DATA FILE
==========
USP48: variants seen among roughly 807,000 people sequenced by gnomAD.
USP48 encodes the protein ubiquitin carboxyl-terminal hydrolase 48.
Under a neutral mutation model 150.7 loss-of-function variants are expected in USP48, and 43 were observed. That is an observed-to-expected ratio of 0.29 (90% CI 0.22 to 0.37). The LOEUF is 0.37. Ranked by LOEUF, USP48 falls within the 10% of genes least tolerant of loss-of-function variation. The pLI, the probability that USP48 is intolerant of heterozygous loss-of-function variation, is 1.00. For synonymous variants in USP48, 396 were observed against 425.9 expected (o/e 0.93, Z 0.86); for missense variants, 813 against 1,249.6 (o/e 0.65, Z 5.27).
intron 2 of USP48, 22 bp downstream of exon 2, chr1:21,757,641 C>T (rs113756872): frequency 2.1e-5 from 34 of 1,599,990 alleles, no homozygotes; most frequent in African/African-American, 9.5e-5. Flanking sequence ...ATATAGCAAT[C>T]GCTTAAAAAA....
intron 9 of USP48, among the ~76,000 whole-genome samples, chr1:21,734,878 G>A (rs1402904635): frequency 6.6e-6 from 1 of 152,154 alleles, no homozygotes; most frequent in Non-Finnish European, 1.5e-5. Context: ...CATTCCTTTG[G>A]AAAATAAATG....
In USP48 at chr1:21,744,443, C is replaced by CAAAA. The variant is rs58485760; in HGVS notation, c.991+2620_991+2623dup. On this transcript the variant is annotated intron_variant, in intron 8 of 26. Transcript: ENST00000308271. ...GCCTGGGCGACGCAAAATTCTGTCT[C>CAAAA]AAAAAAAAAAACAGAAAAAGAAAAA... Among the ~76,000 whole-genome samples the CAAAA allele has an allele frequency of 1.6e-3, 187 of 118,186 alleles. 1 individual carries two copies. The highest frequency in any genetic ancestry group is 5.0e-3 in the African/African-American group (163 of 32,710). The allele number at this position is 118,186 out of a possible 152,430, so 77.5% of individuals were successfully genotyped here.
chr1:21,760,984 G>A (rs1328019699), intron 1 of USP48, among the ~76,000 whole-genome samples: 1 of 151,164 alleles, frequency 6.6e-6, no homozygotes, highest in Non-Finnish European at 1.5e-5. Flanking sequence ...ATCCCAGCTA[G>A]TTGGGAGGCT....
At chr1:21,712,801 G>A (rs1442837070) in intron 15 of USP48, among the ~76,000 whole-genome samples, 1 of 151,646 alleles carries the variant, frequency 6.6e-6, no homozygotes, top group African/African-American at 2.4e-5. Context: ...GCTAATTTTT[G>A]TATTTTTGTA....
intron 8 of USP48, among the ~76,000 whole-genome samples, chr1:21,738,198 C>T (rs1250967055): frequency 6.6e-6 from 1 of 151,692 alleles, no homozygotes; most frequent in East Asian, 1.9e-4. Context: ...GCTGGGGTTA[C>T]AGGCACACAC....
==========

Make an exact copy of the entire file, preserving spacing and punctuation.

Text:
USP48: variants seen among roughly 807,000 people sequenced by gnomAD.
USP48 encodes the protein ubiquitin carboxyl-terminal hydrolase 48.
Under a neutral mutation model 150.7 loss-of-function variants are expected in USP48, and 43 were observed. That is an observed-to-expected ratio of 0.29 (90% CI 0.22 to 0.37). The LOEUF is 0.37. Ranked by LOEUF, USP48 falls within the 10% of genes least tolerant of loss-of-function variation. The pLI, the probability that USP48 is intolerant of heterozygous loss-of-function variation, is 1.00. For synonymous variants in USP48, 396 were observed against 425.9 expected (o/e 0.93, Z 0.86); for missense variants, 813 against 1,249.6 (o/e 0.65, Z 5.27).
intron 2 of USP48, 22 bp downstream of exon 2, chr1:21,757,641 C>T (rs113756872): frequency 2.1e-5 from 34 of 1,599,990 alleles, no homozygotes; most frequent in African/African-American, 9.5e-5. Flanking sequence ...ATATAGCAAT[C>T]GCTTAAAAAA....
intron 9 of USP48, among the ~76,000 whole-genome samples, chr1:21,734,878 G>A (rs1402904635): frequency 6.6e-6 from 1 of 152,154 alleles, no homozygotes; most frequent in Non-Finnish European, 1.5e-5. Context: ...CATTCCTTTG[G>A]AAAATAAATG....
In USP48 at chr1:21,744,443, C is replaced by CAAAA. The variant is rs58485760; in HGVS notation, c.991+2620_991+2623dup. On this transcript the variant is annotated intron_variant, in intron 8 of 26. Transcript: ENST00000308271. ...GCCTGGGCGACGCAAAATTCTGTCT[C>CAAAA]AAAAAAAAAAACAGAAAAAGAAAAA... Among the ~76,000 whole-genome samples the CAAAA allele has an allele frequency of 1.6e-3, 187 of 118,186 alleles. 1 individual carries two copies. The highest frequency in any genetic ancestry group is 5.0e-3 in the African/African-American group (163 of 32,710). The allele number at this position is 118,186 out of a possible 152,430, so 77.5% of individuals were successfully genotyped here.
chr1:21,760,984 G>A (rs1328019699), intron 1 of USP48, among the ~76,000 whole-genome samples: 1 of 151,164 alleles, frequency 6.6e-6, no homozygotes, highest in Non-Finnish European at 1.5e-5. Flanking sequence ...ATCCCAGCTA[G>A]TTGGGAGGCT....
At chr1:21,712,801 G>A (rs1442837070) in intron 15 of USP48, among the ~76,000 whole-genome samples, 1 of 151,646 alleles carries the variant, frequency 6.6e-6, no homozygotes, top group African/African-American at 2.4e-5. Context: ...GCTAATTTTT[G>A]TATTTTTGTA....
intron 8 of USP48, among the ~76,000 whole-genome samples, chr1:21,738,198 C>T (rs1250967055): frequency 6.6e-6 from 1 of 151,692 alleles, no homozygotes; most frequent in East Asian, 1.9e-4. Context: ...GCTGGGGTTA[C>T]AGGCACACAC....